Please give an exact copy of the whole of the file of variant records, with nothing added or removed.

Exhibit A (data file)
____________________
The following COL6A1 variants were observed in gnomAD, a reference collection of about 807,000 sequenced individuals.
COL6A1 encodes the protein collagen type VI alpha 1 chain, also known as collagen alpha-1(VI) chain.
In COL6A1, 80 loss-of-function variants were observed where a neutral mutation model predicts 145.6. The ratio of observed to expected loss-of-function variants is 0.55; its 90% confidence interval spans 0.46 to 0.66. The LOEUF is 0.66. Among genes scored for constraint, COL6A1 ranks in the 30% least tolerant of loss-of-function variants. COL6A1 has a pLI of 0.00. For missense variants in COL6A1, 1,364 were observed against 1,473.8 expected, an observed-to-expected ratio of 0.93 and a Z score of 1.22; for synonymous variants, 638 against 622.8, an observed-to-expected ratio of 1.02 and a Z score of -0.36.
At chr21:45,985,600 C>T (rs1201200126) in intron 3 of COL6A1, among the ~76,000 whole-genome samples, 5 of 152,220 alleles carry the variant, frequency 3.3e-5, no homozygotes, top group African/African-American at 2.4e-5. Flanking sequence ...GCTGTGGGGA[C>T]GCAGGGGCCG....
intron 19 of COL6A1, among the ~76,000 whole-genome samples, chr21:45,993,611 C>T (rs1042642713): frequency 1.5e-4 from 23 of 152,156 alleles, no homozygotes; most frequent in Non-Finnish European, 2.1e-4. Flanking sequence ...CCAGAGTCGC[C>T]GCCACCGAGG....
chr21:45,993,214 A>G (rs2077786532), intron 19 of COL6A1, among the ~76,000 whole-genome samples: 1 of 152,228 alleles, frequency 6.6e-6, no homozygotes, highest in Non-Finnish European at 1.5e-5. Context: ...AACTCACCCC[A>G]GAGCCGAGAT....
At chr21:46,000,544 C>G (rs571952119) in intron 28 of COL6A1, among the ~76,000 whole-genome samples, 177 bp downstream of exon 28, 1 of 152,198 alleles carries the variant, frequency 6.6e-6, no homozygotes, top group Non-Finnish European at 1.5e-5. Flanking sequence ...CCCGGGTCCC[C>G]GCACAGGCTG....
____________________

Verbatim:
The following COL6A1 variants were observed in gnomAD, a reference collection of about 807,000 sequenced individuals.
COL6A1 encodes the protein collagen type VI alpha 1 chain, also known as collagen alpha-1(VI) chain.
In COL6A1, 80 loss-of-function variants were observed where a neutral mutation model predicts 145.6. The ratio of observed to expected loss-of-function variants is 0.55; its 90% confidence interval spans 0.46 to 0.66. The LOEUF is 0.66. Among genes scored for constraint, COL6A1 ranks in the 30% least tolerant of loss-of-function variants. COL6A1 has a pLI of 0.00. For missense variants in COL6A1, 1,364 were observed against 1,473.8 expected, an observed-to-expected ratio of 0.93 and a Z score of 1.22; for synonymous variants, 638 against 622.8, an observed-to-expected ratio of 1.02 and a Z score of -0.36.
At chr21:45,985,600 C>T (rs1201200126) in intron 3 of COL6A1, among the ~76,000 whole-genome samples, 5 of 152,220 alleles carry the variant, frequency 3.3e-5, no homozygotes, top group African/African-American at 2.4e-5. Flanking sequence ...GCTGTGGGGA[C>T]GCAGGGGCCG....
intron 19 of COL6A1, among the ~76,000 whole-genome samples, chr21:45,993,611 C>T (rs1042642713): frequency 1.5e-4 from 23 of 152,156 alleles, no homozygotes; most frequent in Non-Finnish European, 2.1e-4. Flanking sequence ...CCAGAGTCGC[C>T]GCCACCGAGG....
chr21:45,993,214 A>G (rs2077786532), intron 19 of COL6A1, among the ~76,000 whole-genome samples: 1 of 152,228 alleles, frequency 6.6e-6, no homozygotes, highest in Non-Finnish European at 1.5e-5. Context: ...AACTCACCCC[A>G]GAGCCGAGAT....
At chr21:46,000,544 C>G (rs571952119) in intron 28 of COL6A1, among the ~76,000 whole-genome samples, 177 bp downstream of exon 28, 1 of 152,198 alleles carries the variant, frequency 6.6e-6, no homozygotes, top group Non-Finnish European at 1.5e-5. Flanking sequence ...CCCGGGTCCC[C>G]GCACAGGCTG....